Scottish Welfare Fund statistics ‘a sign of human cost to housing crisis’
Housing and homelessness charity Shelter Scotland has lamented new figures which reveal that nearly 300,000 households have been helped by emergency relief from the Scottish Welfare Fund.
A total of 296,520 low income households have shared £164.8 million to pay for essential items such as food and heating through emergency grant funding since the fund began in 2013.
The Scottish Welfare Fund helps people during times of crisis to buy everyday essential items like food, nappies or toiletries and to cover heating costs or other living expenses. Grants are also given to people facing disaster or emergency situations, such as flooding.
Shelter Scotland said delays in benefits and ‘no place to stay’ situations are increasingly among reasons for applications.
Director Graeme Brown said: “These funds provide a vital lifeline of support for many struggling households, but today’s figures are yet another sign of the human cost to Scotland’s housing crisis.
“The fact that 174,155 applications for crisis grants were made – over 9,000 more than last year – shows the sheer scale of just how many households in Scotland continue to struggle to make ends meet and keep a roof over their heads.
“Even more worrying is another huge increase - 46% - in the recorded reason for applying for a crisis grant as being ‘emergency - nowhere to stay and may resort to rough sleeping’. This has more than doubled in the last two years.
“A 27% increase in applications due to benefit payment delays is also very concerning – especially considering the flawed Universal Credit system has not been fully rolled-out.
“We hear every day how high housing costs combined with low income and stagnant wages are pushing more and more households into poverty and putting them at greater risk of homelessness.”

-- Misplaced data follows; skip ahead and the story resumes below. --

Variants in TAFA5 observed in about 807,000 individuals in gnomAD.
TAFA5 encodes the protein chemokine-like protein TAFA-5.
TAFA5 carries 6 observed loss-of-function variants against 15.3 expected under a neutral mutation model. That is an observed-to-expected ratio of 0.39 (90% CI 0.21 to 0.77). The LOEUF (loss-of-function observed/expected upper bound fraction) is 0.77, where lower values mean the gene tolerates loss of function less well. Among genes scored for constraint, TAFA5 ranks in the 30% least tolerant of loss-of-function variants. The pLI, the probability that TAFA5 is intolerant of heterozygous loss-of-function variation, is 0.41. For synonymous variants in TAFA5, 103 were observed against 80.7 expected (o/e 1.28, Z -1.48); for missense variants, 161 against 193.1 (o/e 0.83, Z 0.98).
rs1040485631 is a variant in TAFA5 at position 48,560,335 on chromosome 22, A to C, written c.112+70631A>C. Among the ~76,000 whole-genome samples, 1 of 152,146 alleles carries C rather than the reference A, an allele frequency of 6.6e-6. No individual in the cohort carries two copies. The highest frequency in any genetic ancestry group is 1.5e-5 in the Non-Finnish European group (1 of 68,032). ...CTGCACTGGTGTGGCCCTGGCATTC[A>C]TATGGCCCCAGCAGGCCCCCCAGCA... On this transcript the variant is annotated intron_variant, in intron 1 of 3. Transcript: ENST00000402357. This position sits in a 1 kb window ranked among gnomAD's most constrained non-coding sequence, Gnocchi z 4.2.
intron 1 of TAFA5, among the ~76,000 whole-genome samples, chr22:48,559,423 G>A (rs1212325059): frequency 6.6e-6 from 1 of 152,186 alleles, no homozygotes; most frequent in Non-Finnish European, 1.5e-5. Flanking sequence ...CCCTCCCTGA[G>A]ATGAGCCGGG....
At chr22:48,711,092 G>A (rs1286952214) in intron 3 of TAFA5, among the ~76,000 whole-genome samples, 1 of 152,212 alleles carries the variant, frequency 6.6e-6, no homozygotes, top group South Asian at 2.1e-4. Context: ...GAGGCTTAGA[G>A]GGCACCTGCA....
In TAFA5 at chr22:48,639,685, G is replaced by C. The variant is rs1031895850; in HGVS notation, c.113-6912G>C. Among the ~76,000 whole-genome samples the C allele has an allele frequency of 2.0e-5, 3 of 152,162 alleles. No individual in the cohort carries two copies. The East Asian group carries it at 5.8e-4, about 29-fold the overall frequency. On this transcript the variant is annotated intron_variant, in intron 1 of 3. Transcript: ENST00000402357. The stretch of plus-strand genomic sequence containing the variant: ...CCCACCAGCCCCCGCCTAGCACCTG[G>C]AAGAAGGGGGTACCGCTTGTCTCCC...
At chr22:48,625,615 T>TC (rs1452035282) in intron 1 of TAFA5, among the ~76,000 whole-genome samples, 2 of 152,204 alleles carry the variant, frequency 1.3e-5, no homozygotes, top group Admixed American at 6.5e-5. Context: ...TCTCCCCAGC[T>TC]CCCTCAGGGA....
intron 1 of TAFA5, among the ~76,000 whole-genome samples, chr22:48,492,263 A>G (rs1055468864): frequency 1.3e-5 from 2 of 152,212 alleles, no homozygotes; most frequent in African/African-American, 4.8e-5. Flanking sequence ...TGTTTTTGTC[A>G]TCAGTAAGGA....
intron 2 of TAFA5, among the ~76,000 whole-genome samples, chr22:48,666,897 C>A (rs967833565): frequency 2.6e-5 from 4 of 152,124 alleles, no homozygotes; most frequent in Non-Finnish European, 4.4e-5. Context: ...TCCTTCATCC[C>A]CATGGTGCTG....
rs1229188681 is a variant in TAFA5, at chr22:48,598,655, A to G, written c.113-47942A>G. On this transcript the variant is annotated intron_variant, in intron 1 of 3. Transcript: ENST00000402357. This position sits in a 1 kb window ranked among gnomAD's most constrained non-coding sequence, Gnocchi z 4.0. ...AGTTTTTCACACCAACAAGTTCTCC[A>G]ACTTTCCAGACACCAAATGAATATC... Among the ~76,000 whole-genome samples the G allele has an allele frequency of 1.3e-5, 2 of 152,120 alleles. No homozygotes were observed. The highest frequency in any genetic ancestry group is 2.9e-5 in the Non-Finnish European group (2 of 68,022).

Statistics show that 39,410 Community Care Grants and 118,750 Crisis Grants were made by local authorities in 2017/18. Since the scheme began over half of those households receiving awards (54%) were single person households with no children, and one third of those households (33%) included children.
Cabinet secretary for social security, Shirley-Anne Somerville, said: “Any of us can face an unexpected expense. But that is harder to absorb if you are already struggling to survive. At those times it is only right that government offers support rather than a cold shoulder. And that is why the Scottish Government created the Scottish Welfare Fund, a vital lifeline for people in times of need, allowing them to cover the everyday necessities that many of us take for granted.
“I am pleased that the fund has been able to help nearly 300,000 households across the country. But I’m also angry that the damaging and continuing UK government cuts to welfare are pushing more and more people into poverty.
“The Scottish Government is spending over £125m this year alone trying to allay the very worst effects of these harmful cuts and protect those on low incomes. Local authorities are dealing with new applications every week and we will continue to do all we can to support hard pressed families and individuals who, through no fault of their own, are struggling to make ends meet.”